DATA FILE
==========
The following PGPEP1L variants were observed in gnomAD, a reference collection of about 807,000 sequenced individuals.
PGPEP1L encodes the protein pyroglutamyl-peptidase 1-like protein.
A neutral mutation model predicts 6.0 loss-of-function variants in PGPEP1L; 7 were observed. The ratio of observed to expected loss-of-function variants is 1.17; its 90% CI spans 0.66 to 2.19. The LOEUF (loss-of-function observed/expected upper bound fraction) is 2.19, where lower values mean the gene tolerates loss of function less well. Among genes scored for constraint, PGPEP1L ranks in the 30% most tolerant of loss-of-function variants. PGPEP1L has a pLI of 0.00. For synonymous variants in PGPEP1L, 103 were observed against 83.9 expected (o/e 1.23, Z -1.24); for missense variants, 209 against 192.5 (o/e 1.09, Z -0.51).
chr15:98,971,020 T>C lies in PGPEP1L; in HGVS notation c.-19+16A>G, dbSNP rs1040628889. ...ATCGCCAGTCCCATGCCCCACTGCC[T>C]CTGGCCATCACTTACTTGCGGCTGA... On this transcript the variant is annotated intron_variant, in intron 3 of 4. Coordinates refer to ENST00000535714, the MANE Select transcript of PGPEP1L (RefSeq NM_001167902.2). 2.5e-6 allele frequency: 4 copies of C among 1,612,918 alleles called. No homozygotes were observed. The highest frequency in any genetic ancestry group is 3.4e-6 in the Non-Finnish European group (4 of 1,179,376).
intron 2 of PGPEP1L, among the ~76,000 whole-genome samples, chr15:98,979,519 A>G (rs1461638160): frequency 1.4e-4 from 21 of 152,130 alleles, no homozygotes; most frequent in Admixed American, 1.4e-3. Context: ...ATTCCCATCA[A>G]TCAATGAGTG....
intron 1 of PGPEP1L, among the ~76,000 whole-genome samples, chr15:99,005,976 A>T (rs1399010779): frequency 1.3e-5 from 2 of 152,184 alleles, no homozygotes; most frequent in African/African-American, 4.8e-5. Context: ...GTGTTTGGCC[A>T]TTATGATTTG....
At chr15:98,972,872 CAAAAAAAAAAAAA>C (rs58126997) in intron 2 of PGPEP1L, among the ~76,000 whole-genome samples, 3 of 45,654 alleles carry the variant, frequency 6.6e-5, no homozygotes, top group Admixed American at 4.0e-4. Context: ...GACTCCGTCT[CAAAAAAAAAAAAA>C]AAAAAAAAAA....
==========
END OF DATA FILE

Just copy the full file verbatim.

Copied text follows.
The following PGPEP1L variants were observed in gnomAD, a reference collection of about 807,000 sequenced individuals.
PGPEP1L encodes the protein pyroglutamyl-peptidase 1-like protein.
A neutral mutation model predicts 6.0 loss-of-function variants in PGPEP1L; 7 were observed. The ratio of observed to expected loss-of-function variants is 1.17; its 90% CI spans 0.66 to 2.19. The LOEUF (loss-of-function observed/expected upper bound fraction) is 2.19, where lower values mean the gene tolerates loss of function less well. Among genes scored for constraint, PGPEP1L ranks in the 30% most tolerant of loss-of-function variants. PGPEP1L has a pLI of 0.00. For synonymous variants in PGPEP1L, 103 were observed against 83.9 expected (o/e 1.23, Z -1.24); for missense variants, 209 against 192.5 (o/e 1.09, Z -0.51).
chr15:98,971,020 T>C lies in PGPEP1L; in HGVS notation c.-19+16A>G, dbSNP rs1040628889. ...ATCGCCAGTCCCATGCCCCACTGCC[T>C]CTGGCCATCACTTACTTGCGGCTGA... On this transcript the variant is annotated intron_variant, in intron 3 of 4. Coordinates refer to ENST00000535714, the MANE Select transcript of PGPEP1L (RefSeq NM_001167902.2). 2.5e-6 allele frequency: 4 copies of C among 1,612,918 alleles called. No homozygotes were observed. The highest frequency in any genetic ancestry group is 3.4e-6 in the Non-Finnish European group (4 of 1,179,376).
intron 2 of PGPEP1L, among the ~76,000 whole-genome samples, chr15:98,979,519 A>G (rs1461638160): frequency 1.4e-4 from 21 of 152,130 alleles, no homozygotes; most frequent in Admixed American, 1.4e-3. Context: ...ATTCCCATCA[A>G]TCAATGAGTG....
intron 1 of PGPEP1L, among the ~76,000 whole-genome samples, chr15:99,005,976 A>T (rs1399010779): frequency 1.3e-5 from 2 of 152,184 alleles, no homozygotes; most frequent in African/African-American, 4.8e-5. Context: ...GTGTTTGGCC[A>T]TTATGATTTG....
At chr15:98,972,872 CAAAAAAAAAAAAA>C (rs58126997) in intron 2 of PGPEP1L, among the ~76,000 whole-genome samples, 3 of 45,654 alleles carry the variant, frequency 6.6e-5, no homozygotes, top group Admixed American at 4.0e-4. Context: ...GACTCCGTCT[CAAAAAAAAAAAAA>C]AAAAAAAAAA....